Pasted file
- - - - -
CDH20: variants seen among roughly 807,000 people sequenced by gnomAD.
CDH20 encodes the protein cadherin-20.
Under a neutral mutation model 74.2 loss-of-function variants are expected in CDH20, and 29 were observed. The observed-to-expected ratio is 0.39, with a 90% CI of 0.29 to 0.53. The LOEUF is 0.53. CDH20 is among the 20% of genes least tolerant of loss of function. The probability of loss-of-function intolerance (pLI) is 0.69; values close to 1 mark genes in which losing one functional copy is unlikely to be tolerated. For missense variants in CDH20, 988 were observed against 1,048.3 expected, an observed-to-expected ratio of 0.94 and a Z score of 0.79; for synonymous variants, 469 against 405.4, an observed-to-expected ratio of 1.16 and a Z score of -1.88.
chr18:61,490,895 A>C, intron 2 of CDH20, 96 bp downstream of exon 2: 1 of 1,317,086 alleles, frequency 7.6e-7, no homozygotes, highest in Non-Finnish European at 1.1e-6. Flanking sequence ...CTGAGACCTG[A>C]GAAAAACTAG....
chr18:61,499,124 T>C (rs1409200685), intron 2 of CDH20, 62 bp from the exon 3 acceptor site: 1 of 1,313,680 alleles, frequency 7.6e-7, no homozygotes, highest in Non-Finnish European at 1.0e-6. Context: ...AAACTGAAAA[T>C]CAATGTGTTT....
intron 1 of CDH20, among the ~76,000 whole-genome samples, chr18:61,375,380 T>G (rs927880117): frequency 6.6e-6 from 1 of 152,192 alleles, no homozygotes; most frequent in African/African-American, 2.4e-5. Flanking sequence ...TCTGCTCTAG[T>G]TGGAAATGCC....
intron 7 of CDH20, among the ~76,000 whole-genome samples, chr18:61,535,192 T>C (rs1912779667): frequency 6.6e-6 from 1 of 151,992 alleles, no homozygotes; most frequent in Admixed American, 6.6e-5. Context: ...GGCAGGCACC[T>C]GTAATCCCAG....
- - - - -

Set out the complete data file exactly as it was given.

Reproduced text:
CDH20: variants seen among roughly 807,000 people sequenced by gnomAD.
CDH20 encodes the protein cadherin-20.
Under a neutral mutation model 74.2 loss-of-function variants are expected in CDH20, and 29 were observed. The observed-to-expected ratio is 0.39, with a 90% CI of 0.29 to 0.53. The LOEUF is 0.53. CDH20 is among the 20% of genes least tolerant of loss of function. The probability of loss-of-function intolerance (pLI) is 0.69; values close to 1 mark genes in which losing one functional copy is unlikely to be tolerated. For missense variants in CDH20, 988 were observed against 1,048.3 expected, an observed-to-expected ratio of 0.94 and a Z score of 0.79; for synonymous variants, 469 against 405.4, an observed-to-expected ratio of 1.16 and a Z score of -1.88.
chr18:61,490,895 A>C, intron 2 of CDH20, 96 bp downstream of exon 2: 1 of 1,317,086 alleles, frequency 7.6e-7, no homozygotes, highest in Non-Finnish European at 1.1e-6. Flanking sequence ...CTGAGACCTG[A>C]GAAAAACTAG....
chr18:61,499,124 T>C (rs1409200685), intron 2 of CDH20, 62 bp from the exon 3 acceptor site: 1 of 1,313,680 alleles, frequency 7.6e-7, no homozygotes, highest in Non-Finnish European at 1.0e-6. Context: ...AAACTGAAAA[T>C]CAATGTGTTT....
intron 1 of CDH20, among the ~76,000 whole-genome samples, chr18:61,375,380 T>G (rs927880117): frequency 6.6e-6 from 1 of 152,192 alleles, no homozygotes; most frequent in African/African-American, 2.4e-5. Flanking sequence ...TCTGCTCTAG[T>G]TGGAAATGCC....
intron 7 of CDH20, among the ~76,000 whole-genome samples, chr18:61,535,192 T>C (rs1912779667): frequency 6.6e-6 from 1 of 151,992 alleles, no homozygotes; most frequent in Admixed American, 6.6e-5. Context: ...GGCAGGCACC[T>C]GTAATCCCAG....